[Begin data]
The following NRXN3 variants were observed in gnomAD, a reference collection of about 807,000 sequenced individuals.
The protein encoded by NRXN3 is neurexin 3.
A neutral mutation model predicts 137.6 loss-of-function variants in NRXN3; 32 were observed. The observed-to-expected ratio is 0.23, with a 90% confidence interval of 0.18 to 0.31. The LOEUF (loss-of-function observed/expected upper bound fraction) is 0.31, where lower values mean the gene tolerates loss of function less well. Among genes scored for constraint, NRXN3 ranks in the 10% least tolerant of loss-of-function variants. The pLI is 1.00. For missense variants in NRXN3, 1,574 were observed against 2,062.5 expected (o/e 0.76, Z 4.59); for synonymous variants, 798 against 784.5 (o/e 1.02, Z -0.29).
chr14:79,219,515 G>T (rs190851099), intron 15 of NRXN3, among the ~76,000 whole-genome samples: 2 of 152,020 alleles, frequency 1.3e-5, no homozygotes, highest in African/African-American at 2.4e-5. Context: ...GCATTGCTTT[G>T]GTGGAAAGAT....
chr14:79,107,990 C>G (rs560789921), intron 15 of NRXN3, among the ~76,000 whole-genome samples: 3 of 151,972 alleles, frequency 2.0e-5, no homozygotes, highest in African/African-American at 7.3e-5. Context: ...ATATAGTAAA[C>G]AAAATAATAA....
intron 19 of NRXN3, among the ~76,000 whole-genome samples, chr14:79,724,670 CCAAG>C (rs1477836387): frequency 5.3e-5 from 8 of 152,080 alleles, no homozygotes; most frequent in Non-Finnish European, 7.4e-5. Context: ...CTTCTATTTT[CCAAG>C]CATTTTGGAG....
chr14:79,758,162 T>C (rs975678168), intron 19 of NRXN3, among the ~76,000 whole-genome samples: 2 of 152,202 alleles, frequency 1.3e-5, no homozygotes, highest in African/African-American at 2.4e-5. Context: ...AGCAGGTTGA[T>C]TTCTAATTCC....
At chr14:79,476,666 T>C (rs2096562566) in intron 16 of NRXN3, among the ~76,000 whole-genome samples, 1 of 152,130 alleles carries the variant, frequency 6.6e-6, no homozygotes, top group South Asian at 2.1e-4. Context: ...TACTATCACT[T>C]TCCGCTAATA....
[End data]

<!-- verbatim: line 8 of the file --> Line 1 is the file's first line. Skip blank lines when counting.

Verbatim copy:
At chr14:79,476,666 T>C (rs2096562566) in intron 16 of NRXN3, among the ~76,000 whole-genome samples, 1 of 152,130 alleles carries the variant, frequency 6.6e-6, no homozygotes, top group South Asian at 2.1e-4. Context: ...TACTATCACT[T>C]TCCGCTAATA....